CIVICUS 2020 Monitor Report Continues To Rank Vietnam As “Closed” Civic Space

Quynh-Vi Tran
Quynh-Vi Tran

On December 8, 2020, international organization CIVICUS – a global alliance of civil society organisations and activists dedicated to strengthening citizen action and civil society throughout the world – revealed its 2020 Monitor report which tracks Civic Space worldwide.

CIVICUS defines:

“Civic space is the bedrock of any open and democratic society. When civic space is open, citizens and civil society organisations are able to organise, participate and communicate without hindrance. In doing so, they are able to claim their rights and influence the political and social structures around them. This can only happen when a state holds by its duty to protect its citizens and respects and facilitates their fundamental rights to associate, assemble peacefully and freely express views and opinions. These are the three key rights that civil society depends upon. The CIVICUS Monitor analyses the extent to which the three civil society rights are being respected and upheld, and the degree to which states are protecting civil society.”

More than 20 organizations collaborate on the CIVICUS Monitor to provide an evidence base for action to improve civic space on all continents. Civic space in 196 countries is categorized as either closed, repressed, obstructed, narrowed or open, based on a methodology which combines several sources of data on the freedom of association, peaceful assembly and expression.

CIVICUS Monitor shows that out of 25 countries in Asia, Vietnam and three other countries, China, Laos, and North Korea, are rated “closed.”

The new CIVICUS Monitor report also indicates that 90 percent of countries in Asia repress civic freedoms. It also raised concerns about attacks on the media and vilification of human rights defenders.

“Our research shows that civic freedoms, including the freedom of expression, assembly and association, continue to be violated across the region. The percentage of people living in Asian countries with closed, repressed or obstructed civic space is nearly 90 percent,” said Josef Benedict, Asia-Pacific Civic Space researcher for CIVICUS.

The report also stated that “in Vietnam, where civic space is rated ‘closed’ … the authorities continue to harass those who criticize the one-party regime. Scores of individuals were arrested or jailed after summary trials under an array of restrictive laws for ‘abusing democratic freedoms’ and ‘anti-state propaganda’, including activists, bloggers and Facebook users. Most recently, the Vietnamese authorities arrested human rights defender Pham Doan Trang – one of the nation’s most prominent independent journalists.”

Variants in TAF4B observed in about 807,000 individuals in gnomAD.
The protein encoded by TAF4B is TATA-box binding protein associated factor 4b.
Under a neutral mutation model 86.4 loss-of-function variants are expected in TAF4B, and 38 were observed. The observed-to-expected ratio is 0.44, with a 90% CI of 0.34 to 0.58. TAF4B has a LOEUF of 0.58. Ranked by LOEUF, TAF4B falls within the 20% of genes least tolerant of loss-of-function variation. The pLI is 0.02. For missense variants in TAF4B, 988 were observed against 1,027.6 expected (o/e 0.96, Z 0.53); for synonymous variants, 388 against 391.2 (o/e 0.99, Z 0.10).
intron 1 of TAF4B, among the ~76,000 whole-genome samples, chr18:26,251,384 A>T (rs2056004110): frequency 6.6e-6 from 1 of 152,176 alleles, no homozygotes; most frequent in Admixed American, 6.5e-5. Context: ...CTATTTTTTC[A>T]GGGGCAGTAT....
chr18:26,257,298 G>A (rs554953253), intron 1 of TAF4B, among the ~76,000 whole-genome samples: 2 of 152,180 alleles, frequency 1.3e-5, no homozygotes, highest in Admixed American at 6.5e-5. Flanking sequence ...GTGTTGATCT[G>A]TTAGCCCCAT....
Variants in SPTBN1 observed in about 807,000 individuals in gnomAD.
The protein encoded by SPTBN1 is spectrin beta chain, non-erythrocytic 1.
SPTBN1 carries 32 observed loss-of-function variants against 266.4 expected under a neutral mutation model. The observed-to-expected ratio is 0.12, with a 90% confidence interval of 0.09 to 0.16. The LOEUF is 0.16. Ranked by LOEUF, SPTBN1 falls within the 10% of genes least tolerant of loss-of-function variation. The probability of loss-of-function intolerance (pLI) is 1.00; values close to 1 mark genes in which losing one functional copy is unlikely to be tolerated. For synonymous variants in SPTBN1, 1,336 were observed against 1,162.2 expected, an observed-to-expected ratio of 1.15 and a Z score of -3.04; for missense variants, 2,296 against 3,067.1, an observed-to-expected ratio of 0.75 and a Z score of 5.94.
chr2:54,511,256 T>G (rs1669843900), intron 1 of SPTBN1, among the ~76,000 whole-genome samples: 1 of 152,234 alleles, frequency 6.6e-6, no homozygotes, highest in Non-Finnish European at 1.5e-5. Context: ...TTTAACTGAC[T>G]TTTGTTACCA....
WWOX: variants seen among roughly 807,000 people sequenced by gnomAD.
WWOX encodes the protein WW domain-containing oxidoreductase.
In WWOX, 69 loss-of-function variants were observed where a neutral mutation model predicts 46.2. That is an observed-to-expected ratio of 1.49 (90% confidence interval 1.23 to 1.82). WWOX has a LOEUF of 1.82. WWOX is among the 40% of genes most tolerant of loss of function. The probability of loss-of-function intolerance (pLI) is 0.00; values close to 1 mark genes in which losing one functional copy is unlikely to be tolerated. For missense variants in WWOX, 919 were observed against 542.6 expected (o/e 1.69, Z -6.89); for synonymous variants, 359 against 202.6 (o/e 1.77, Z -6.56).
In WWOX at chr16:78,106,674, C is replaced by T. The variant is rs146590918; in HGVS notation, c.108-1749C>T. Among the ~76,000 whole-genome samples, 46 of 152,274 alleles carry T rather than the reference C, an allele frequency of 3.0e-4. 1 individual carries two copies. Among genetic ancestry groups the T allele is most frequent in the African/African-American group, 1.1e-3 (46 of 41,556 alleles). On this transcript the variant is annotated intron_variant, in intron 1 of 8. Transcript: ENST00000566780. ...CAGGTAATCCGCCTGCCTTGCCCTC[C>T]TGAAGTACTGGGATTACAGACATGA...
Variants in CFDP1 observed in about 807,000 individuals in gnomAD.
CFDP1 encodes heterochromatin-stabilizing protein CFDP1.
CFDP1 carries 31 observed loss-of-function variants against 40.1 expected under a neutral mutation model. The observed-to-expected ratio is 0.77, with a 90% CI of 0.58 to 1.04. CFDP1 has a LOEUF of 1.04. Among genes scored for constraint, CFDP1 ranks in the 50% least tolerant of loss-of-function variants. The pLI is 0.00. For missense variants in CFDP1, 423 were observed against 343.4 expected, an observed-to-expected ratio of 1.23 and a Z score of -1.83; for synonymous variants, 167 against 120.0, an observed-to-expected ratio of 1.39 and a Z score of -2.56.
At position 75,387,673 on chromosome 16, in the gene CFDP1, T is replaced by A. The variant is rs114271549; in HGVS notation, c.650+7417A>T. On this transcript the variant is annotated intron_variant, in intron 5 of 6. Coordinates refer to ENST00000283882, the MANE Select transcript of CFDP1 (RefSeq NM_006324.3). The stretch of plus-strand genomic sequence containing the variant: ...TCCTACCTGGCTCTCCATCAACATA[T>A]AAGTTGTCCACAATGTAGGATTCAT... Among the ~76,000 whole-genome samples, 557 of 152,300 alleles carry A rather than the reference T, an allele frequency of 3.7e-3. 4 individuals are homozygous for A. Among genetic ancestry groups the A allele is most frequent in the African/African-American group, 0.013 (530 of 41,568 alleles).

Photo Courtesy: Pham Doan Trang Facebook.
Journalist Pham Doan Trang. Photo Courtesy: Pham Doan Trang Facebook.

Furthermore, the report also notes that “the persecution against independent publishers, The Liberal Publishing House, has continued in 2020 after a brief pause due to the pandemic.” It further reports that “members of the Independent Journalists Association of Vietnam – the last independent journalist organization in the country – have also been arrested and prosecuted. Human rights groups raised serious unfair trial concerns and allegations of torture in the Dong Tam trial, which has led to convictions. Many activists were kept under surveillance, or detained for months without access to legal counsel and subjected to abusive interrogations.”

Dong Tam Trial. Photo Courtesy: Tuoi Tre newspaper.

The ASIA-PACIFIC ratings overview can be found here.

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Quynh-Vi Tran

Quynh-Vi was a litigation lawyer in California before becoming a democracy advocate and journalist in 2015. She is also a strong advocate for abolishing the death penalty.